Now onto the links:

Italian government giving away book money

Oh, you brilliant Italians: “The Italian government is giving €500 on every 18-year-old’s birthday.” This is an initiative I can get behind.

Ann Patchett - The Guardian interview

Ann Patchett has a habit of speaking truth, but this article hits really close to home: “if writers are to survive, we must take responsibility for ourselves and our industry.” It’s very true letting your career happen to you is a recipe for disaster. More about her latest book, COMMONWEALTH, writing about family, and tending an indie bookstore here.

write better emails

“Dear Colleague, I hope you’re well!” Face it—we’ve all been guilty of writing this. Instead of opening with nondescript pleasantries, let’s write better, more sincere greetings in our emails. But let’s not give up all the niceties, okay?

contract lawyer

Budding writers, artisans, and people of the world: this article on hiring a lawyer for contract negotiations is business gold from Kris Rusch. Read it, bookmark it, live it.

And closer to home:

The End Game pb is available

If you love reading paperbacks, then perk up, buttercup: THE END GAME paperback went on sale this week!!!!

Season 2 (!) of A WORD ON WORDS begins with my lovely co-host, Mary Laura Philpott, and Nashville author Ed Tarkington. Check out their interview (complete with original songs written for the book by Grammy-nominated singer-songwriter Will Hoge!).

That’s it from me, loves. Here’s to cooler weather, cinnamon-scented treats, and lots of love. And one last thought:

“The greatest mistake you can make in life is to be continually fearing you will make one.”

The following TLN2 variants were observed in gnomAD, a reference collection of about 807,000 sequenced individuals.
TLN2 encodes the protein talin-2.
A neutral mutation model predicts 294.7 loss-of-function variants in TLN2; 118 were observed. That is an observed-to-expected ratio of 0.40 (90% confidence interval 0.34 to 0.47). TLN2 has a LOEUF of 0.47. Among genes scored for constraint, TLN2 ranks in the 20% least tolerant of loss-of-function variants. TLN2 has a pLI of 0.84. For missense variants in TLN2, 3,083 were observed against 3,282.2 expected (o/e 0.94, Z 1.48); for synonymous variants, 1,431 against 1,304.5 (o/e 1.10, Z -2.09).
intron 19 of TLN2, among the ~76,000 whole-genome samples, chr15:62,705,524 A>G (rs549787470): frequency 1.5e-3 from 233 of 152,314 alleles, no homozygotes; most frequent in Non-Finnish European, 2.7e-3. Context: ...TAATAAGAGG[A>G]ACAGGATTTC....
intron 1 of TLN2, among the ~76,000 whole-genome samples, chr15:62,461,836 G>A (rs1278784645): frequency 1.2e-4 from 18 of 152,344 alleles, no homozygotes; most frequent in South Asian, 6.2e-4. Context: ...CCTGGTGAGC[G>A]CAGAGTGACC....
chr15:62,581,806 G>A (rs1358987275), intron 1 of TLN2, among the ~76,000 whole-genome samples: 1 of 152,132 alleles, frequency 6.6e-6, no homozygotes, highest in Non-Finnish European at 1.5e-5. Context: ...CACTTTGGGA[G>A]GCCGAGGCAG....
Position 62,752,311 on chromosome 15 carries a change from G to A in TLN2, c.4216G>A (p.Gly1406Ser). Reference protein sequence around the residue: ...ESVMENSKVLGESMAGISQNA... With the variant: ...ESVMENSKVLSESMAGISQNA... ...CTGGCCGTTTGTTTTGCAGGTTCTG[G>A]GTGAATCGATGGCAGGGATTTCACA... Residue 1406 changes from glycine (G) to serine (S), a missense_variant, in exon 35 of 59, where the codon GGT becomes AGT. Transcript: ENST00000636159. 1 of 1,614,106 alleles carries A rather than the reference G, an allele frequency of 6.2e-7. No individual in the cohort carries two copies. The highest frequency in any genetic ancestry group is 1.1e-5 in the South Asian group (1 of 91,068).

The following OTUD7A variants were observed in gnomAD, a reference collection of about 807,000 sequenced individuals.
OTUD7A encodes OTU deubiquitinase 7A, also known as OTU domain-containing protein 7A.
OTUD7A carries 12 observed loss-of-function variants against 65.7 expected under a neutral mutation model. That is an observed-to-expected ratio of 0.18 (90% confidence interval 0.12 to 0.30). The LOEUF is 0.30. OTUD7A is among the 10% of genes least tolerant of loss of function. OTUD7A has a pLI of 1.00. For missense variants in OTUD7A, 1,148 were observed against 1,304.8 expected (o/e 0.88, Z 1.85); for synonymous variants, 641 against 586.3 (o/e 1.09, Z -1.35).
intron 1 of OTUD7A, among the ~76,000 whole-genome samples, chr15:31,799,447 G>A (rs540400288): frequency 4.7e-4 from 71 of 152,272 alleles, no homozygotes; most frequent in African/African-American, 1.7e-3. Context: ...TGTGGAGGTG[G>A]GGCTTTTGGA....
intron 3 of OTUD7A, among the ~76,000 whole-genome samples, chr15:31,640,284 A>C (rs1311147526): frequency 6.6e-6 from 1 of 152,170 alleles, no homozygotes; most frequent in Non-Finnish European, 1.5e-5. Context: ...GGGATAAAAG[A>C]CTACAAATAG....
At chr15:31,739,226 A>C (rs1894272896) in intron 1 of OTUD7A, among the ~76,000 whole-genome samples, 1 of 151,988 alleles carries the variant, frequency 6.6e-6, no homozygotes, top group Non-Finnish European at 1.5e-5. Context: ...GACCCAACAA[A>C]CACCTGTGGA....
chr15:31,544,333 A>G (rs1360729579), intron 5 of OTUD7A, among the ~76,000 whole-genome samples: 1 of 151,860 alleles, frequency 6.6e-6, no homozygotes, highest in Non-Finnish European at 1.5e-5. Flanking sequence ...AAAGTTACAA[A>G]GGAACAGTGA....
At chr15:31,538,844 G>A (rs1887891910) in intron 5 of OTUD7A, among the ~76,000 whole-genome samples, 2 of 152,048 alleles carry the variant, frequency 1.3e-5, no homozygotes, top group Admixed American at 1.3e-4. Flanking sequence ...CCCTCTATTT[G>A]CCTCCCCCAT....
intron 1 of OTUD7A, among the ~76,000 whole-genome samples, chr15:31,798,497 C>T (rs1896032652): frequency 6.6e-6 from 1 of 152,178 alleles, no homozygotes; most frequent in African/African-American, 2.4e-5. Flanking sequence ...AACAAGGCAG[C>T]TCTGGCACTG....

—Elbert Hubbard

xoxo,
J.T.

Via: JT Ellison

    

9.4.16 - Sunday Smatterings

By JT Ellison

“It’s not who you think you are that holds you back,
it’s who you think you’re not.”
~Anonymous

I open today with a quote that feels very apropos, considering. I finished my 18th novel this week. TEAR ME APART is my second standalone novel. I started it entirely by accident, sitting in a Parisian café, and went back to Paris to write parts of it. All the while I was writing it, a voice in the back of my head kept telling me I couldn’t do it. I second-guessed character decisions, plot devices, threads. It wasn’t until I went back and reread some of my heroes that I remembered the golden rule, and I was able to truly settle in:

“There are no rules except those you create, page by page.”
~Stuart Woods

I was holding myself back because I’d convinced myself I wasn’t a standalone writer. Consider that particular block crushed. : )

Now, on to the links!

The Guardian has this gem of a headline: Antlers Hunter S Thompson stole from Hemingway’s home returned to family. It’s about time.

Speaking of Hemingway, I bought this book this week. He wrote large parts of it in Venice, at a small table in the corner of Harry’s Bar. When I did my Hemingway footsteps trip last year, I spent a lot of time at Harry’s.

Ever wonder what a chef reads? Wonder no more!

David Berry has been cast as ‘Lord John Grey in OUTLANDER!!! To which I reply… A: AWESOME! B: What a polite character description of LJG! I can’t wait to meet him on screen.

Lifehacker is doing a great series called “Will it Sous Vide?”

Once again, Facebook shows its algorithms are invasive and frightening.

But to cheer you up from that, I give you, Quilted Northern: Rustic Weave, which made us giggle all week long.


Closer to home:

It’s been a relatively quiet week. Randy and I celebrated our 21st wedding anniversary, we’re in a hurricane as I write this. It happened on our first honeymoon, our 11th, and now out 21st. It’s an every decade thing for us.

The newsletter went out, so if you didn’t get it, check your spam folder! And if you want to sign up, you’ll get a free ebook! What a deal…

Blessed week ahead to you, chickens. May your lives be hurricane free.

XO,
JT

Via: JT Ellison